Omega-3 fatty acids (O3FA) are well-known for their role in human health and wellness—and there are various sources of O3FA, including fish oils (i.e. fish body oils), krill oil and algal oils. But there is another “old school” source of O3FA that has been overlooked in recent times: cod liver oil. Now if you’re wondering why I’m taking the time to talk about a product that your grandmother or great-grandmother probably used, the reason (primarily) has to do with inflammation.

About Inflammation

Let’s start with a brief review about inflammation, a useful natural reaction that the body has in response to injury and certain other conditions. Chronic inflammation, however, can be more destructive than beneficial and is a major component in many human diseases. Furthermore, it must be understood that chronic inflammation isn’t just associated with disease states. In fact, higher intakes of red and processed meats, sweets, desserts, French fries, and refined grains are associated with experiencing more inflammation,1 as is exposure to colder temperatures (i.e. colder climates).2

Since prolonged inflammation is detrimental to the host, higher organisms have evolved protective mechanisms to ensure resolution of the inflammatory response in a limited and specific time-and space-manner. Once thought as a mere passive process of dilution of inflammation, resolution is today envisioned as a highly orchestrated process coordinated by a complex regulatory network of cells and mediators.3

Pro-resolving Mediators
Among the molecules that facilitate resolution of inflammation, resolvins, protectins, and maresins produced from O3FA are the lipid mediators which are particularly important. These internally produced anti-inflammatory and pro-resolving mediators counteract the effects of proinflammatory signaling systems and act as “braking signals” of the persistent vicious cycle leading to unremitting inflammation.

In fact, the same pro-inflammatory factors that initially trigger the inflammatory response also signal the termination of inflammation by stimulating the biosynthesis of pro-resolving mediators. Resolvins, protectins and maresins and have been shown to reduce airway inflammation, dermal inflammation colitis, arthritis, and postoperative pain. Studies have shown that these mediators increase with time during the inflammatory process.4,5,6

DHA The most well-known O3FA are eicosapentaenoic acid (EPA) and docosahexaenoic acid (DHA). While these two O3FA can be used to generate resolvins, there is another O3FA called docosapentaenoic acid (DPA), which is a particularly effective precursor to different resolvins.7 DPA is an intermediate in the biosynthesis of DHA from EPA. In any case, DPA is not always seen in omega-3 fatty acid products. It can, however, be found in some cod liver oil products.

Cod Liver Oil And Inflammation

It should be noted that cod liver oil is a natural source of vitamins A and D, in addition to O3FA. This is significant since maintaining healthy vitamin D levels is necessary for supporting cardiovascular health,8,9,10,11 and vitamin D plays an important role in healthy skin and in regulating a healthy immune system.12 Furthermore, some cod liver oil products are a direct source of pro-resolving mediators. Not surprisingly, cod liver oil has shown value for its anti-inflammatory effects.

A study13 was conducted to compare the effects of supplementation with either sunflower oil (source of omega-6) or cod liver oil (source of omega-3) oil, in rates with inflammatory colitis. Inflammatory markers increased in rats fed sunflower oil but was blunted in rats fed cod liver oil. In fed cod liver oil group, the damage score was markedly reduced by day 30, and inflammation and ulceration were almost absent by day 50.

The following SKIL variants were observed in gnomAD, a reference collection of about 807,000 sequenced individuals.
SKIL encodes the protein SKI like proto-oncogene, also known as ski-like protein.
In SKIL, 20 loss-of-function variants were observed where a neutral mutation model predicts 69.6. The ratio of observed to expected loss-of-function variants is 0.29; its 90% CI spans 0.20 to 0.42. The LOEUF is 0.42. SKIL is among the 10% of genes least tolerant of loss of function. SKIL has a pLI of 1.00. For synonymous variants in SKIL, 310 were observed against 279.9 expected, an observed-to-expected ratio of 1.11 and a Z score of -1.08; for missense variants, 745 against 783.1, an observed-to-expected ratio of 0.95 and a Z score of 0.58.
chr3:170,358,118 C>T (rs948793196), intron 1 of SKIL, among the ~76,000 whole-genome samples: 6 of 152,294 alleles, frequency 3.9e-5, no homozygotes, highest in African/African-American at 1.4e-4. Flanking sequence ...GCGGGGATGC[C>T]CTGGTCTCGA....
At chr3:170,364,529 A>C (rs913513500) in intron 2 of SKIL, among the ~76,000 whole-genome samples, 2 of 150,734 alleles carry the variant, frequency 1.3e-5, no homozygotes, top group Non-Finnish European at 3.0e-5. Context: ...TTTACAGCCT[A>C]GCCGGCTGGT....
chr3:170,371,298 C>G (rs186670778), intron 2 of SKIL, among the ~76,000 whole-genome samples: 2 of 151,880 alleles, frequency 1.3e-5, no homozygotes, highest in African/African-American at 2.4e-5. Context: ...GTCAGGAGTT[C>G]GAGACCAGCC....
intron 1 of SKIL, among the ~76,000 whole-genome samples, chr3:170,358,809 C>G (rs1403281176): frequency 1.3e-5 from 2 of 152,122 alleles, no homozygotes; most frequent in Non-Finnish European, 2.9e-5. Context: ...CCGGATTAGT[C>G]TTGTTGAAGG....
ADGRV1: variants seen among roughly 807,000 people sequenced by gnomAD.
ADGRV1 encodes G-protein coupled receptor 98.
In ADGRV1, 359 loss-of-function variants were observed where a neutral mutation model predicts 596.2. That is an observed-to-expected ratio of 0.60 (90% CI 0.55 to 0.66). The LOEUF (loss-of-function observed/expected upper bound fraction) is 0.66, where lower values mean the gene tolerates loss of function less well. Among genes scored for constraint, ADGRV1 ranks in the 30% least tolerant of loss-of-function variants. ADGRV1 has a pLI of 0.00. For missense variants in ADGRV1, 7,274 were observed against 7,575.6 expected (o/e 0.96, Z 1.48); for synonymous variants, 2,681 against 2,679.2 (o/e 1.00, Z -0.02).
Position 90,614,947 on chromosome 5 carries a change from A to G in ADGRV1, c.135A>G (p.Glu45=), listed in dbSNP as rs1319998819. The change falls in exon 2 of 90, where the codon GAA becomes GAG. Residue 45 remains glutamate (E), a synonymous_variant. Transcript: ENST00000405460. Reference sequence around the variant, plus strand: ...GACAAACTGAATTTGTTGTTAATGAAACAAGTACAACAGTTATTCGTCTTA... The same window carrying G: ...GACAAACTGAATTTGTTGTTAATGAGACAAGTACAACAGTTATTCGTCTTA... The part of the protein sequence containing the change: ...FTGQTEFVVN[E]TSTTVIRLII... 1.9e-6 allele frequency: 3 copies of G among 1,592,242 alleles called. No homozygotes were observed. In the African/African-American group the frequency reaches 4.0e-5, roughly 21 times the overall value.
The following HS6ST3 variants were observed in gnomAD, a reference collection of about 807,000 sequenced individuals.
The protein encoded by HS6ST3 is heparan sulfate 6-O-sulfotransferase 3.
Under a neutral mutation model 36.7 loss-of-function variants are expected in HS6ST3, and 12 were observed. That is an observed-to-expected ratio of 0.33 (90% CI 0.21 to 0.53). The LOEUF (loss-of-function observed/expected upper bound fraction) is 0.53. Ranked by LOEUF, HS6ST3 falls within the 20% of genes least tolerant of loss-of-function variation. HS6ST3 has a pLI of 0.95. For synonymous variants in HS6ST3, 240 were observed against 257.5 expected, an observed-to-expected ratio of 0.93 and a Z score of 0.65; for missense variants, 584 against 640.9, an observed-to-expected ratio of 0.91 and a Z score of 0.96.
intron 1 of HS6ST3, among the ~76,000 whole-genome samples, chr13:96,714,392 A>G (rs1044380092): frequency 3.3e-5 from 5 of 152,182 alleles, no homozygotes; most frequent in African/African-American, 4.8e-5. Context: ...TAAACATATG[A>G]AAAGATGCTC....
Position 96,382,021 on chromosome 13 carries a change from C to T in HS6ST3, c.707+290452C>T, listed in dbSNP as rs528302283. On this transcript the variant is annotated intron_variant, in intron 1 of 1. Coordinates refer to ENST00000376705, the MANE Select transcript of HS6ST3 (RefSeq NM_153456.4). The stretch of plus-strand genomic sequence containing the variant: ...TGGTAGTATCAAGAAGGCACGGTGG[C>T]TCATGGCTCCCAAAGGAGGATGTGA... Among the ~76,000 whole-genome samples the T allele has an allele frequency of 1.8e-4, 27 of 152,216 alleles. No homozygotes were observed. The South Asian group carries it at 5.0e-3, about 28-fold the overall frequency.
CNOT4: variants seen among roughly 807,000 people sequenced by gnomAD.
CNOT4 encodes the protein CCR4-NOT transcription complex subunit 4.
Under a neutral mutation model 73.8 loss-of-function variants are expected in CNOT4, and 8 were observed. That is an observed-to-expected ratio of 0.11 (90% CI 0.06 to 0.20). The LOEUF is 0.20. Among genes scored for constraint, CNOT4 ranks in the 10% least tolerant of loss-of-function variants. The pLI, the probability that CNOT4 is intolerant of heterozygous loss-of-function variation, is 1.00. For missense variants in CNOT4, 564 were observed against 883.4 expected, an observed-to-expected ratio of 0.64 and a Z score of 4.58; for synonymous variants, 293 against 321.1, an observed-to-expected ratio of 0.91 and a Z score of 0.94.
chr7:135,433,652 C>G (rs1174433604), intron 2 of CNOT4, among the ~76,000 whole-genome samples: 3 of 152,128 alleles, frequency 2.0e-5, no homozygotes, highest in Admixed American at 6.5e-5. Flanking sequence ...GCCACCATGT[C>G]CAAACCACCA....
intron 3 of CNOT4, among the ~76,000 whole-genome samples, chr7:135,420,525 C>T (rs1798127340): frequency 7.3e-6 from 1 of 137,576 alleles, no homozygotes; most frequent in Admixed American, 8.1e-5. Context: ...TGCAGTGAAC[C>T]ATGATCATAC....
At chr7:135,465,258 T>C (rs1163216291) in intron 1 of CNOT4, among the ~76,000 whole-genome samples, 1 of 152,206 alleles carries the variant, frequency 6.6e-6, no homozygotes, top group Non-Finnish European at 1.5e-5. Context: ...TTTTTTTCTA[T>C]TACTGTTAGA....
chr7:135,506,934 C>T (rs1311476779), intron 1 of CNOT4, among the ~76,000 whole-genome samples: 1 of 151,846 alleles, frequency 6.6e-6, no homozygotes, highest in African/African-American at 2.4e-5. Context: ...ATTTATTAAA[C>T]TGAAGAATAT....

A 9-month, double-blind, placebo-controlled, randomized human study14 was conducted in 58 patients with rheumatoid arthritis (RA) to determine whether cod liver oil supplementation would help reduce daily NSAID (pain medication) requirement. Patients took either 10 g of cod liver oil containing or identical placebo capsules. Documentation of NSAID daily requirement, clinical and laboratory parameters of RA disease activity, and safety checks were done at 0, 4, 12, 24 and 36 weeks. At 12 weeks, patients were instructed to gradually reduce, and if possible, stop their NSAID intake. Results were that 39 percent of patients in the cod liver oil group and 10 percent of patients in the placebo group were able to reduce their daily NSAID requirement by more than 30 percent. Researchers concluded that cod liver oil supplements containing n-3 fatty acids can be used as NSAID-sparing agents in RA.

Cod Liver Oil and Beauty
In addition to inflammation, cod liver oil may also have a “beauty from within” application. Here’s the rationale. O3FA have been shown to help reduce the visible signs of aging, and support cell rejuvenation. In one study, a diet providing as little as 295 mg/day of EPA was shown to decrease the risk in photoaging (i.e. more rapidly aged skin due to sun exposure) in women.15 In addition, vitamin D has been shown to play an important role in maintaining healthy hair due to its relationship with vitamin D receptors in hair follicles.16,17,18 Given that cod liver oil is a natural source of both O3FA and vitamin D, it may serve as an ideal supplement for the skin and hair.

Due to its naturally occurring EPA, DHA, DPA, and pro-resolving mediators, cod liver oil is an ideal supplement for helping to reduce inflammation. Furthermore, it is a natural source of vitamins A and D; and may also have “beauty from within” applications. That being said, if you’re going to use a cod liver oil supplement, it is important to use a clean product. I suggest looking for supplements from cod from Alaskan waters (a more pristine area) that are line-caught and flash-frozen to preserve freshness.


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